EARLY HISTORY OF THE APPLE USERS’ GROUP (SYDNEY) 1978–1989Compiled by John Rotenstein Apple IIe image from Wikimedia Commons, courtesy Museo All About Apple (photo by Marco Mioli). Reproduced with permission under the terms of the GNU Free Documentation License. For a total source about Apple II computing, visit A2Central.com
1978: The Beginning. Only a select few have been witness to the entire history of the group. Therefore one such person can best tell the early history. Let’s start with an extract from ‘Applications’. February, 1980:
The Apple Users’ Group, Sydney, Australia was established on November 20, 1978 from a meeting at Computerland. The AUG was established by a small group of Apple enthusiasts, supported by Computerland and its employees. The first Committee was Roger Keating, Peter Webster, Neil Bennett and Bill Hood. The group met once a month, established a program library and published four issues of the APPLI-CATIONS newsletter.
During this time, the group held its meetings in Computerland, which was then located at 55 Clarence Street, Sydney.
The group magazine — then named APPLI-CATIONS — was not entirely regular, and actually stopped publication after only four issues, because those involved did not have enough time to devote to the task.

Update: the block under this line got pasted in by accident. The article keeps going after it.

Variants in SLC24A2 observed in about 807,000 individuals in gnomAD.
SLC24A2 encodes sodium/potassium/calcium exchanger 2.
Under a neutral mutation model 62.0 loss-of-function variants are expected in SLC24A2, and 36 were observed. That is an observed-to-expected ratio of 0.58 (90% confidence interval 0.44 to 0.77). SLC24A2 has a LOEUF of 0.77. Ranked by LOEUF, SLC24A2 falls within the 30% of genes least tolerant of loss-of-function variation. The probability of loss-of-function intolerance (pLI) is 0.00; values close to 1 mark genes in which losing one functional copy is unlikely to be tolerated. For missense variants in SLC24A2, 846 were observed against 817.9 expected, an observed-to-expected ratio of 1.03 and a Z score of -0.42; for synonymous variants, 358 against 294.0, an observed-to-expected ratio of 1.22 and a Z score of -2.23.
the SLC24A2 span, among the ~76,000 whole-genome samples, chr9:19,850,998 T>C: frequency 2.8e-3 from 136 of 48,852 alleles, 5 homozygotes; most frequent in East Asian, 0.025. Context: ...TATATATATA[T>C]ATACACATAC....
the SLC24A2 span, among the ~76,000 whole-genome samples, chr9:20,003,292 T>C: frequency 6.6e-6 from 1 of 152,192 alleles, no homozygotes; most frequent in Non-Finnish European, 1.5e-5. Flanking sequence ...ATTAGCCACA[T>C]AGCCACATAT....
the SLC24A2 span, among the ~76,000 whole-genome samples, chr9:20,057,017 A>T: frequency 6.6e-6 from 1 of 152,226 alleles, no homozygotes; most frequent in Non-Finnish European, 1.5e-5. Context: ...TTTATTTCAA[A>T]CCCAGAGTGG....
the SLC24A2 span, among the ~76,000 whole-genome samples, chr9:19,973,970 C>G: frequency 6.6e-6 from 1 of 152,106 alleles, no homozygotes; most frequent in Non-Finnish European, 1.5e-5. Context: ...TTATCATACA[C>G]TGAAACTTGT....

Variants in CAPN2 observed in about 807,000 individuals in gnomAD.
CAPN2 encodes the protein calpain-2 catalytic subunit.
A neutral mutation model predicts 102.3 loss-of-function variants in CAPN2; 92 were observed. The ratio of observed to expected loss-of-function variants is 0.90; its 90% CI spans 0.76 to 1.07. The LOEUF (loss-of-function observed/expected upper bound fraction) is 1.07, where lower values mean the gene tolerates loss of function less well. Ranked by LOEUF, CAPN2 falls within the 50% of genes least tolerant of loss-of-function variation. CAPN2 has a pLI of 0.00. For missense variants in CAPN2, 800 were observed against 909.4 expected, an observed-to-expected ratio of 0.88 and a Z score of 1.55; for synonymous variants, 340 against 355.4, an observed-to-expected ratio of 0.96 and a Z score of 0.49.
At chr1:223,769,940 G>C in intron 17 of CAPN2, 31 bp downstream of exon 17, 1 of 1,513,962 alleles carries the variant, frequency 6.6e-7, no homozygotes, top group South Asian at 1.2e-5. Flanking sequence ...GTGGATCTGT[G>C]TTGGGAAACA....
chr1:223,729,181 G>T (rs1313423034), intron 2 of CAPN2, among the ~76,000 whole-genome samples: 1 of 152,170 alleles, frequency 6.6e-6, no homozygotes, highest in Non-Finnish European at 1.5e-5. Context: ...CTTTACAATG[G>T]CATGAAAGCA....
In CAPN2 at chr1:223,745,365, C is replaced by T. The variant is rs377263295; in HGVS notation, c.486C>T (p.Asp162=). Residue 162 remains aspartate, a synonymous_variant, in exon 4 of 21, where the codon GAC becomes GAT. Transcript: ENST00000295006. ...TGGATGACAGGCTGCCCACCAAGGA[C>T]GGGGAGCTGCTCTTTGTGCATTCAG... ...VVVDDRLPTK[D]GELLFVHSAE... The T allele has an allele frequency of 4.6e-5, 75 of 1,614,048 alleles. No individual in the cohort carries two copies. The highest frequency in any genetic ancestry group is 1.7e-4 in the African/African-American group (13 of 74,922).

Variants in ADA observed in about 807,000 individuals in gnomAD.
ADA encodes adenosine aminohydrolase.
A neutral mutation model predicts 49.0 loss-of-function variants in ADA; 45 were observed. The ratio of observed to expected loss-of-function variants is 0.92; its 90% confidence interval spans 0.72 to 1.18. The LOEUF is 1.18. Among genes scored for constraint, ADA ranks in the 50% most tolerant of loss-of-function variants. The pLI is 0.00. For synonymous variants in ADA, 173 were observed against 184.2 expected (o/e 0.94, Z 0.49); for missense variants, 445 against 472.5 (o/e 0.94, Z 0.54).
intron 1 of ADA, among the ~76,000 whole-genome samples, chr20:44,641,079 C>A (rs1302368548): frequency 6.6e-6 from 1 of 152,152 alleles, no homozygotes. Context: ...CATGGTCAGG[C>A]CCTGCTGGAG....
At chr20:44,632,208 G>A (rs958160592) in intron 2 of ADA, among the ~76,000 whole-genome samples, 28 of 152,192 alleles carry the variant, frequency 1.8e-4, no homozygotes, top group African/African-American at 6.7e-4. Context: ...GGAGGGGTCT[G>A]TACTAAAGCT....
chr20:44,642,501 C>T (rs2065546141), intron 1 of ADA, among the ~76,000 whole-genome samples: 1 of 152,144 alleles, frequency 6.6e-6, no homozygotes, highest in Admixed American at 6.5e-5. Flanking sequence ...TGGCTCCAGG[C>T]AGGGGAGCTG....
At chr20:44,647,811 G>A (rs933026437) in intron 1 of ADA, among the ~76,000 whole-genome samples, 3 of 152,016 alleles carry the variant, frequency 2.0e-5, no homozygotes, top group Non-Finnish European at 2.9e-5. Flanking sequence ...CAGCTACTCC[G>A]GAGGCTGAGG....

1980: A New Decade of Computing. Computers were now almost within the reach of all. The main change for the group in 1980, was that of venue. Previously all meetings had been held at Computerland. So as to preserve the group’s independence, a new meeting place was sought. This was Science House in Clarence Street also.
At the meeting in May 1981 there was much unrest in the group over the topic of Copyright laws. It meant that the group would he held liable if it knowingly allowed copying of copyrighted material at a meeting. The President — Roger Keating — felt that officials of the group could be prosecuted and therefore the group should include in its policy that such actions are not condoned.
Bill Hood warned that, as there was no constitution for the group, such a motion was meaningless. Due to the uncertain feelings of the group, the President resigned, as did the Vice-President and the Treasurer. The latter two did, however stay until the next elections, and Bruce Kehlett took over as Acting President. Following this, a Committee was formed to draft a constitution for the group, to be ready for the July meeting. The Science House meeting place had now become too small for the growing group, and another location was again sought.
The August meeting was the first meeting to be held at the venue of Sydney Grammar School. This venue was used and enjoyed until the end of 1986. Market days were now held at the end of the year, to bring more members together. And the AUG (Sydney) was represented at many computer shows. Our Magazine, now called “Applecations”, was published ten times per year, and growing in content under a new editor.